Several venture capitalists (VCs) and entrepreneurs have been petitioning federal authorities to see certain virtual currencies in a "different light."
Right now, many cryptocurrencies are in danger of being classified as "securities," which would place them under strict regulatory scrutiny. Working to change this, venture capital firms Andreessen Horowitz and Union Square Ventures have gathered a team of lawyers and investors known as the "Venture Capital Working Group" to meet with the U.S. Securities and Exchange Commission (SEC) to develop what they call a " safe harbor " for specific digital currencies and establish long-term proposals for how they should be viewed and handled.
The New York Times alleges that several regulators are considering placing well-known cryptocurrencies - including ether, the world's second-largest digital asset - in the securities category, which may cause their prices to fall drastically.
Richard Levin, a lawyer who's worked with various blockchain and cryptocurrency ventures, described the meeting as "crucial" to the safety of digital assets and their respective users.
"It's a 'come to the lord' moment," he explained. "We are seeing a watershed moment in which many firms in the digital asset community who may have been ignorant of the law - or poorly informed - are now coming to terms with the fact that they are subject to regulators."
While details surrounding the meeting remain largely confidential, the group says it's trying to garner "utility token" classifications for many specific cryptocurrencies.
Many virtual entities have been introduced through initial coin offerings (ICOs). The process involves a team of entrepreneurs selling these virtual assets to raise funds for future projects. Generally, these currencies work as "internal payment methods" in the software the entrepreneurs create.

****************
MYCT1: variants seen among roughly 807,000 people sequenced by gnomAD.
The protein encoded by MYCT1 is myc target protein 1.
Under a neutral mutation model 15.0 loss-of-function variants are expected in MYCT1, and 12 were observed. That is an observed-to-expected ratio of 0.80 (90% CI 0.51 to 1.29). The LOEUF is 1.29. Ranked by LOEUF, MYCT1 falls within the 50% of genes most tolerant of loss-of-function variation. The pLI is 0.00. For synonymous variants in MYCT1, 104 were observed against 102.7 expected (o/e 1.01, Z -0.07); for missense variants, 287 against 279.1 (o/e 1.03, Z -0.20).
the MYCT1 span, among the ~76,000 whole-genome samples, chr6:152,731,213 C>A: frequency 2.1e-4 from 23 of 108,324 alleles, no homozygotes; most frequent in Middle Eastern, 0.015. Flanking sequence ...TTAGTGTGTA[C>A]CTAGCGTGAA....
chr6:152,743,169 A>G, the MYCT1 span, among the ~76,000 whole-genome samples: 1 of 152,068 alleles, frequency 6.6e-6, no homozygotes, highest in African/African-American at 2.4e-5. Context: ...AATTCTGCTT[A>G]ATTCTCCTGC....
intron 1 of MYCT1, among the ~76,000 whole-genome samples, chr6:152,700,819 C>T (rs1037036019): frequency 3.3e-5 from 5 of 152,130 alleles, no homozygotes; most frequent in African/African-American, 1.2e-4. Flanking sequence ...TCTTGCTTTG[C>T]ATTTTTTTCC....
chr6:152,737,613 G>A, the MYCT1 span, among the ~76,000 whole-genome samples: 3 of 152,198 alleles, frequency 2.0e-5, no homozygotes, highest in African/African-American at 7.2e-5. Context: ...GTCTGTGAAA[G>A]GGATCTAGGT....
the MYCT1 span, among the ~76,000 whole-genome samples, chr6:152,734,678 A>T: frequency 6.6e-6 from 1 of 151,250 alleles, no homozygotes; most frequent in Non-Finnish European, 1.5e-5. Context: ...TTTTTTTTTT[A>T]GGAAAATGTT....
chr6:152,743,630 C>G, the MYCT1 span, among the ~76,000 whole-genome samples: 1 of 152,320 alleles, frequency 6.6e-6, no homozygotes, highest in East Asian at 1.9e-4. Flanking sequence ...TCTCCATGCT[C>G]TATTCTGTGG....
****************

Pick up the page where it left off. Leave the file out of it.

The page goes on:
For a coin to classify as a security , users who buy it must have the opportunity to transform money into capital and garner profit by owning the asset without taking physical possession of it.
Securities are typically designed to be "shares" or stakes in a company, while utility tokens represent "access to [a] company's product or service." In bearing more practical uses, utility tokens are usually exempt from securities regulations.
Since 2017, over $6 billion in revenue have been generated through initial coin offerings, and most trade via unregulated exchange platforms. Many investors claim that these coins, in serving as payment methods, carry utilities, and should not be classified as securities or investment contracts.
But Jay Clayton - chairman of the SEC - disagrees, and believes every token offered through an ICO should be officially "registered as a security." Very few are, and the SEC has sent dozens of subpoenas to both individuals and ventures involved in cryptocurrency, requesting data regarding how certain digital assets were marketed or issued.
Investments that fall into the securities category must have paperwork filed with registered exchanges. For the most part, entities like bitcoin, litecoin and monero can't be placed here, as they were not originally distributed through ICOs. Furthermore, new coins are given daily to computers that work to extract them and maintain current networks.
While ether now follows a similar pattern, the coin is still in danger, primarily due to Ethereum's past of garnering funds through ether token "presales" - events now classified as ICOs. The Venture Capital Working Group is arguing that ether "has become so decentralized," it should not be labeled as a security, and that should it ever achieve "full decentralization," it must be exempt from all future securities laws.
The group says it has the support of many " key players " in the digital currency and blockchain arena. Nevertheless, regulators have been slow to accept the proposal, and at press time, it is unclear what results will arise. Bitcoin Magazine will provide further updates on this story as they occur.